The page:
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Messages - confusedatquinnipiac
« on: June 23, 2008, 02:48:38 PM »
Why did you post this twice under two different headinga???
anyways, I recommend you look up the threads on here about JD/MBA joint degrees....I imagine it is largely the same but suspect a MGA might hold even less weight than an MBA would since you almost never need an advanced degree in government/polisci to do law work for the government
« on: June 23, 2008, 02:31:02 PM »
I guess it depends how much you like the law. That is always my ultimate answer to questions like these. A lot of people here are going to tell you to just give up because you are already screwed because you come from a T3.... Ignore them. They just like to crap all over everyone else no matter what,most of the time just to make up for their own inadequacies.
Again, the issue is how much you value law school and a legal education. Do you value it more than the debt etc. you will incur? i.e. do the benefits outweigh the costs? I don't know what you can do given your poor undergrad GPA but your high LSAT shows you have at least the right aptitude for law school. I am surprised that you have the option to continue with a 1.98 though; my T-3 school fails you out if you get below a 2.0. Regardless, your GPA I imagine puts you at a huge disadvantage for masters etc in poli sci or some related field. I personally had the exact opposite problem: a really high GPA but mediocre LSATs (for a variety of reasons).
The school wouldn't have given you the scholarship though based only on a test score. They must have thought you could do it. Perhaps just your studying method was inefficient, cumbersome, or otherwise deficient. Ultimately though, whether to continue must rely on your OWN cost-benefit analysis, not what anyone here might say. If you think you can bring up your GPA etc then consider that as a factor but if you don't think you can, also consider that.
« on: June 23, 2008, 02:19:26 PM »
Good points all around....
I propose a hybrid.
1. Build the wall (yes, expensive but I'm sure a fraction of just the daily cost of operations in say Iraq...to put it in perspective).
2. Give the border patrol the equipment/people/authority to do their job. UAVs, more personnel, etc. Maybe even have Guard units augment.
3. Institute reformed legal immigration rules.
4. Institute a national ID. Yes, I know all the conspiracy theories, and I'm a libertarian...I know the arguments. In my opinion it is a necessary program in our day in age. A general database of who is who. Nothing more. I don't have a problem with that, as long as it doesnt track anything else.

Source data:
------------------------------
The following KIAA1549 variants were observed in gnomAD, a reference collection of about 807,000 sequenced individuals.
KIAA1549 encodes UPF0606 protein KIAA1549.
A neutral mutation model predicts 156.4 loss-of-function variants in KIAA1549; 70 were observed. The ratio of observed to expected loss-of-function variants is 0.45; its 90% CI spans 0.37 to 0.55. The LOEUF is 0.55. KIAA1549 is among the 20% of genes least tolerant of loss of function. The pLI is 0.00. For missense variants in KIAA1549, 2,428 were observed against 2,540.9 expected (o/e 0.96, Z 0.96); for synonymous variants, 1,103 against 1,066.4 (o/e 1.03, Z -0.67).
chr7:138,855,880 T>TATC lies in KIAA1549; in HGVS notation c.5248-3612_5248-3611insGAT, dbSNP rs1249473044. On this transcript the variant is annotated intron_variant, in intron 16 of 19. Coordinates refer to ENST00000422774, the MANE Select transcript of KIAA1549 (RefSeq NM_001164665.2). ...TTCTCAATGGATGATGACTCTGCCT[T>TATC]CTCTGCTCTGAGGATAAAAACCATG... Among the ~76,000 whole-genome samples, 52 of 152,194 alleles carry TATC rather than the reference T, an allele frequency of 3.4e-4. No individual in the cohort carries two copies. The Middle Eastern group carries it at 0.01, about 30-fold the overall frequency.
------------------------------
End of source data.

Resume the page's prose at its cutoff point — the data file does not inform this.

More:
I think it's unrealistic to think we can round up and kick out so many people from our country. Like it or not they are an important part of our economy and society. Yes, our society too. There will be so many 'humanity' cases if we were to round them up and get them out it, would make our heads spin. Which leads me to:
4. Once our borders are 'secure', our immigration policy more realistic, amnesty everyone...start all over. The illegals become legal, we collect taxes on their labor, all the gray areas disappear. We can absorb those numbers, we already have them.
All these factors combined should allow us to more effeciently control immigration, legal or otherwise.
Securing our borders, being able to quickly and accurately distingush citizens and non-citizens, along with a strong and realistic policy/law to me are absoloute musts for anything to work.
I agree with what you said, especially in regards to the National ID system. However, I am just curious how #4 will be different from what we did in the 80's which clearly didn't work.... perhaps the difference though is the wall put up etc. I would be ok with this solution you put forward.
« on: June 02, 2008, 12:45:27 PM »
Dont know much about those schools but might want to look into going to George Mason... not religious but pretty conservative and high ranked... I thought about going there myself for a while... even got an invitation to apply... too bad its far away so i decided against it
« on: June 01, 2008, 09:49:59 PM »
Advanced Contracts (Multi-party transactions, surety etc.)
Federal Income Tax
Trusts and Estates
International Business (MBA class)
Business Management and the Law (MBA class)
Business Organizations (Corporations)
2 MBA classes
« on: June 01, 2008, 08:43:11 PM »
I agree.. I am doing it because I figure for only one more year of school, I essentially double the job market available for myself. Say I graduate from law school and end up not like being a lawyer (dont think it will happen but anything is possible) then I can go into business and use the MBA for it.
I like that it gives me more flexability in future careers. Also it would let me better understand my clients (since i plan to go into business law), be better positioned to possibly open my own office someday, etc.